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The Scarlet & Black

In the dollhouse

Jeff Malmberg’s recent documentary “Marwencol” is one of many films this year that celebrate society’s outcasts and individualists. It sits nicely alongside films like “The Social Network,” “Exit Through the Gift Shop,” “Winter’s Bone,” “127 Hours” and “True Grit”—all films about peculiar or defiant individuals who surmount overwhelming external circumstances in order to doggedly choose their destinies. Mark Hogancamp—the subject of “Marwencol”—may be more fragile than the stars of those other films, but he is every bit as dead-set on defining who he is, despite the fact that grisly circumstances caused his identity to undergo a severe alteration midway through his life.

On April 8, 2000, Hogancamp was attacked and viciously beaten by five men. He spent nine days in a coma and forty days in the hospital, only to emerge with virtually no memory of his past life. Friends and family inform him that he was an alcoholic, painter and all-around town eccentric. After years spent relearning language, writing, and basic motor skills, Hogancamp decides to reinvigorate his artistic side and begins to build a miniature world out of dolls, cardboard and toy props, among other objects. The world is Marwencol, a small town in Belgium during WWII. In the town lives Hogancamp’s miniature alter ego, a more ruggedly handsome version of himself who runs a bar but, like formerly alcoholic Hogancamp, drinks only coffee.

With this fictional town, Hogancamp concocts hundreds of elaborate narratives and distinctive personalities, many of whom he based on the denizens of Kingston, NY, where he lives. In this little world, Hogancamp can relieve his anger and anxiety and can express his romantic longing. The men who attacked Hogancamp are represented by Nazis who come to Marwencol for trouble, usually only to be graphically murdered by the good American soldiers. More importantly, Marwencol is filled with beautiful women who adore Hogancamp and are willing to fight for his love. The life-sized Hogancamp isn’t so romantically successful. He misses women intensely, having once been married, and has an obsessive fetish for feminine attire.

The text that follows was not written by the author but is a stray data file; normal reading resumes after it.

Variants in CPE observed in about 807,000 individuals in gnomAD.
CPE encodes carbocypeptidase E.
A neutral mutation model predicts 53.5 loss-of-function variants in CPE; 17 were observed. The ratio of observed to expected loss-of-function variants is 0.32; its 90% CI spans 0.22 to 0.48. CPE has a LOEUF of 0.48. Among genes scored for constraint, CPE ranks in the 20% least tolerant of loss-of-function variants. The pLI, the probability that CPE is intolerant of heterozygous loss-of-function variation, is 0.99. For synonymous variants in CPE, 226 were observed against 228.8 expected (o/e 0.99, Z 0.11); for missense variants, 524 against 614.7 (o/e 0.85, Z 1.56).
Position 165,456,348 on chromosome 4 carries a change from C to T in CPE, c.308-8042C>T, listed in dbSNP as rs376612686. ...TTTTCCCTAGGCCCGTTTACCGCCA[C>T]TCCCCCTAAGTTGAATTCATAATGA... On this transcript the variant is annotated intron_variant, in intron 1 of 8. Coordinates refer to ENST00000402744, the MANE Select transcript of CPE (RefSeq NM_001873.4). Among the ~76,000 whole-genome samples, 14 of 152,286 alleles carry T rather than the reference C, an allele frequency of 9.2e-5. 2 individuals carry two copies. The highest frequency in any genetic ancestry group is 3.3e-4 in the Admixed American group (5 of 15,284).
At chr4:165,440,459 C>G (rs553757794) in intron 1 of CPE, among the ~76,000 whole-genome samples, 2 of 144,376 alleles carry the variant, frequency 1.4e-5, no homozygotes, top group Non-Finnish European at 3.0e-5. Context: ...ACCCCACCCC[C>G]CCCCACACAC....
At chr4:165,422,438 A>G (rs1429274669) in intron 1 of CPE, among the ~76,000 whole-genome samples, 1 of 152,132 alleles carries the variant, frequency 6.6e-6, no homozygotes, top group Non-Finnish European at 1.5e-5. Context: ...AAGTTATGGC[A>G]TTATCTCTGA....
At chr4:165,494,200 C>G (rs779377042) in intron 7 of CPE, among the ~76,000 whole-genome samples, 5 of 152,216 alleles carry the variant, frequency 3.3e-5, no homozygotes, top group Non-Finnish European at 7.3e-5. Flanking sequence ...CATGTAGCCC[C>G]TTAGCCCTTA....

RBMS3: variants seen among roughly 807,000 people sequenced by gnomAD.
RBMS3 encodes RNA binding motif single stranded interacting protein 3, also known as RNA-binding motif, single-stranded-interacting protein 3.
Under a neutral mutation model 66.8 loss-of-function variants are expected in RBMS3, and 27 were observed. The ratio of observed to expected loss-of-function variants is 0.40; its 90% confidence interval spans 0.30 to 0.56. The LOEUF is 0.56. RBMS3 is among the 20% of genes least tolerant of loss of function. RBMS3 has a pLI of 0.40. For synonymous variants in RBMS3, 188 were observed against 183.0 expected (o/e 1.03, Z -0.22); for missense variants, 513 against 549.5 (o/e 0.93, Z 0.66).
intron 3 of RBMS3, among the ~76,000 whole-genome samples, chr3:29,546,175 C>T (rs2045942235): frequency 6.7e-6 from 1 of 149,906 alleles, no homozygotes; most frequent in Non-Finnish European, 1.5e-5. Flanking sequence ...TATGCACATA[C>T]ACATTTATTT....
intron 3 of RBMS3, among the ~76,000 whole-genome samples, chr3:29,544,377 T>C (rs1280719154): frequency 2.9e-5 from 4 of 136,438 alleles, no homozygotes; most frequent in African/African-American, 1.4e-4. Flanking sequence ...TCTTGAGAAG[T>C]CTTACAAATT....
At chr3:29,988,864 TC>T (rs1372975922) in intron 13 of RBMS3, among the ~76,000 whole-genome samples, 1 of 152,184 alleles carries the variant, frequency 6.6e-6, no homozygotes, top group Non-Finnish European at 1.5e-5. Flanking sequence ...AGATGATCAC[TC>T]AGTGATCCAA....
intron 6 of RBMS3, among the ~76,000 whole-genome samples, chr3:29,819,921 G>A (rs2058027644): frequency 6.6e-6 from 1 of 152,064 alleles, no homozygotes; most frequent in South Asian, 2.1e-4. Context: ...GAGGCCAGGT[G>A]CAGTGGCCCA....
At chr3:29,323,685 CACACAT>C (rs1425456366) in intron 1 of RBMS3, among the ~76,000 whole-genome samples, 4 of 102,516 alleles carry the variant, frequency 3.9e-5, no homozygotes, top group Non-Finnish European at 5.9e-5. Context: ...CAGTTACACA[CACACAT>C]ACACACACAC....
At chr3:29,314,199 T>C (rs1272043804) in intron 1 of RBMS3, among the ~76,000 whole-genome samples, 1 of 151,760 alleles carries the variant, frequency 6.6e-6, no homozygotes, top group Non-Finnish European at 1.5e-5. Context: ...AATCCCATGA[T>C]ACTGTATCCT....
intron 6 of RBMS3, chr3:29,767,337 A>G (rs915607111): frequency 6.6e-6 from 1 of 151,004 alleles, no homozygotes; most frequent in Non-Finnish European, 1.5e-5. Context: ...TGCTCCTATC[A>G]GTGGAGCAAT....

Much of this film’s appeal stems from the joy of watching the meticulousness with which Hogancamp pieces his little world together. He washes his dolls’ hair so that it will have the right texture. He takes his toy cars for strolls around Kingston so that their tires will be properly dirty. His most poignant obsessions are connected to personal vulnerabilities. He crafts with loving detail a doll version of a local married woman who he has a crush on. She and mini-Hogancamp get married. Eventually, when Hogancamp persists in visiting the real woman and telling her all the details of their doll-alter-egos’ romance, she pulls away from him. In response, the hurt Hogancamp creates an elaborate narrative that ends the doll-romance and is as funny as it is discomforting.

In some ways, “Marwencol” is a much less pessimistic portrait of creative individualism than other films this year, such as “The Social Network” and “Exit Through the Gift Shop.” Those films also follow outsiders who create their own alternate realities. However, they do so in fairly parasitic ways—in “The Social Network,” Facebook founder Mark Zuckerberg is portrayed as someone who understands the dark side of American youth culture well enough to exploit and thereby become a part of it, while “Exit Through the Gift Shop’s” Thierry Guetta is a misfit who has little artistic ability but manipulates the superficial and hype-driven character of consumerist art world in order to turn himself into a sensation. Both figures are forces to be reckoned with, but their creations are made on society’s terms.

With his little models and his soft voice, Hogancamp is working on his own terms, always. He’s not sure he wants attention. He makes Marwencol because it is the only place where he can feel comfortable with who he is. It is completely his world.—maybe a little too much so. What makes this movie uncomfortable is that the toy town is a fairly creepy narcissistic fantasy, a land of beautiful dolls who all fight over Hogancamp. And, if Hogancamp cares about his female characters for reasons other than their physical beauty and their nurturing of his wounded ego, the film doesn’t show it. Perhaps this kind of personal sublimation constitutes a necessary solace for someone who has been to hell and back. But “Marwencol” raises questions about how self-absorbed a creative endeavor can really be while still possessing aesthetic value, however much craftsmanship and imagination that endeavor involves. Granted, Hogancamp is clearly not concerned with these questions.

-Colin Carr ’12

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